YouGov announces Britain’s goodest dogs, 2017-18

Matthew SmithHead of Data Journalism
December 03, 2018, 9:58 AM GMT+0

The public votes on the best dogs from the past year

Humans, as is often remarked, don’t deserve dogs. The unconditional love that humans receive from our canine companions is more than we can ever have hoped to have earned.

Many puppers go above and beyond for their human masters, and the actions of hero hounds can frequently be found in the news.

In celebration of all that our furry friends do for us, YouGov Omnibus is highlighting the very best of Britain’s mutts by ranking the nation’s goodest dogs from the previous 12 months.

YouGov selected 21 dogs who had made the news for their positive actions between August 2017 and July 2018 and asked 6,000 Brits whether or not they considered each pooch to be a “good dog”.

Who’s a good dog? All of these!

Coming in joint first place, with a 93% good dog rating, are Shih Tzu Lhasa Apso cross Jaden and black Labrador Dave. Jaden alerted emergency services after his disabled owner collapsed by pulling an emergency cord, while Dave helped rescue three women who were being swept out to sea by dragging one of them back to shore, while his owners rescued the other two.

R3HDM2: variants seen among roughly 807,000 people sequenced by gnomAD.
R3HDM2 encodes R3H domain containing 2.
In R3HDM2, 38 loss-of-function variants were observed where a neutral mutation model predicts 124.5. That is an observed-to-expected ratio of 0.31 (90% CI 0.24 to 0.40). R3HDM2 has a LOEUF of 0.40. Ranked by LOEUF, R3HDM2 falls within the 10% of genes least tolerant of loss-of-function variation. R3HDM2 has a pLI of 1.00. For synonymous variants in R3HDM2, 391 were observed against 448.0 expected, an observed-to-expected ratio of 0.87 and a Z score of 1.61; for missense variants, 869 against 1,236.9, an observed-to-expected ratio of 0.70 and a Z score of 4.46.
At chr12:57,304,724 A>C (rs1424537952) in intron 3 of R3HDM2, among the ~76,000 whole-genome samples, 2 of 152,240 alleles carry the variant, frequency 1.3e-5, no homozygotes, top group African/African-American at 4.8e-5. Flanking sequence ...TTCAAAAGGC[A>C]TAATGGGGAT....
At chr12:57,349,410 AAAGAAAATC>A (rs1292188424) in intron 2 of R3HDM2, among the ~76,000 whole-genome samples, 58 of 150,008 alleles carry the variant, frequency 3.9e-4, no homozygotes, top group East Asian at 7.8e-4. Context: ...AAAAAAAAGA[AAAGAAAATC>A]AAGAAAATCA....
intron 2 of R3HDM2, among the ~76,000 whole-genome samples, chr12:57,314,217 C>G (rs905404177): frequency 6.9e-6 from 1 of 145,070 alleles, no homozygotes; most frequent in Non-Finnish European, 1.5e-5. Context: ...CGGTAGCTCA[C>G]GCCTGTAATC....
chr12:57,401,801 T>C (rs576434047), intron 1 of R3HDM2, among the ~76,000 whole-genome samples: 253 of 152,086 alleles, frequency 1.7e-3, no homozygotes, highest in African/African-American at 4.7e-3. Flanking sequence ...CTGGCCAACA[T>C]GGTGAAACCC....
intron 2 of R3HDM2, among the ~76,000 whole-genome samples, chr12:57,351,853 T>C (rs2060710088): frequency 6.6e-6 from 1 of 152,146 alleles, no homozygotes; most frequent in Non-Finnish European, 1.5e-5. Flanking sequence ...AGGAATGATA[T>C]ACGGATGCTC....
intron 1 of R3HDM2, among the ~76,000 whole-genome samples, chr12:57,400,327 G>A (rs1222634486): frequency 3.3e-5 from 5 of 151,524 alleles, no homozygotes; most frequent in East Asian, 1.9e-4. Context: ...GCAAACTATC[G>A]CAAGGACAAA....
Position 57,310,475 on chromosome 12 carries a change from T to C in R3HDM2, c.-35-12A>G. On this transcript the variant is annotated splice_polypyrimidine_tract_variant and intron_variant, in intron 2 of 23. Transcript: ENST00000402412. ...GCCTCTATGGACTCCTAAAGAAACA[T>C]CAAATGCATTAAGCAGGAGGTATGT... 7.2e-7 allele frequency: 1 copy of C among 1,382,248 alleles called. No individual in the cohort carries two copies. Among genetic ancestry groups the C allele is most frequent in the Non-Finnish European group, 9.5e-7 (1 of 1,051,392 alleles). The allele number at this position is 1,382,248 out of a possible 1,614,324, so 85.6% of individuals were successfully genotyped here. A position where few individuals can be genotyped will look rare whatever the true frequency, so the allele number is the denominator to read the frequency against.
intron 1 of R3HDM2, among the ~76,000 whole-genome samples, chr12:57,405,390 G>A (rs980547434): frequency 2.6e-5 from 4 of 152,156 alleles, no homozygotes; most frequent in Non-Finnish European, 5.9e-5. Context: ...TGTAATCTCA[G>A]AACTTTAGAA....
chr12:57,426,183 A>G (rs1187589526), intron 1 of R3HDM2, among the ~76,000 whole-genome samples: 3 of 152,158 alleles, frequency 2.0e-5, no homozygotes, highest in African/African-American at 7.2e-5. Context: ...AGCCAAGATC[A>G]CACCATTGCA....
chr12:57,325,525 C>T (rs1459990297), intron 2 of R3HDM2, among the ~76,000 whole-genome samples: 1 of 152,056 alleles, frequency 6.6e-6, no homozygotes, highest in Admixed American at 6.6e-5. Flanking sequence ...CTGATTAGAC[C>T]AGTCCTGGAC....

Click to enlarge

In third place is Griffin, who 92% of Brits consider to be a good dog. Griffin helps her owner, a wheelchair user who suffers from a rare connective tissue disorder, with over 100 physical chores, from opening doors, to loading and unloading the washing machine and flushing the toilet. Griffin’s service has already been recognised with the Labrador/Golden Retriever cross one of five finalists in Crufts’ 2018 Friends for Life award.

Of the 21 dogs listed, 12 received a good dog rating of 90% or higher. Even the lowest scoring dog – Ruby, a farmer’s dog who adopted three abandoned fox cubs – scored a 76% good dog rating. No more than 3% of Brits had the stone heart required to brand any of the pooches a “bad dog”.

The survey also reveals that 42% of Britons love dogs, including 48% of women and 36% of men. A further 28% of people say they like dogs, while only 11% actively have a negative opinion of man’s best friend.

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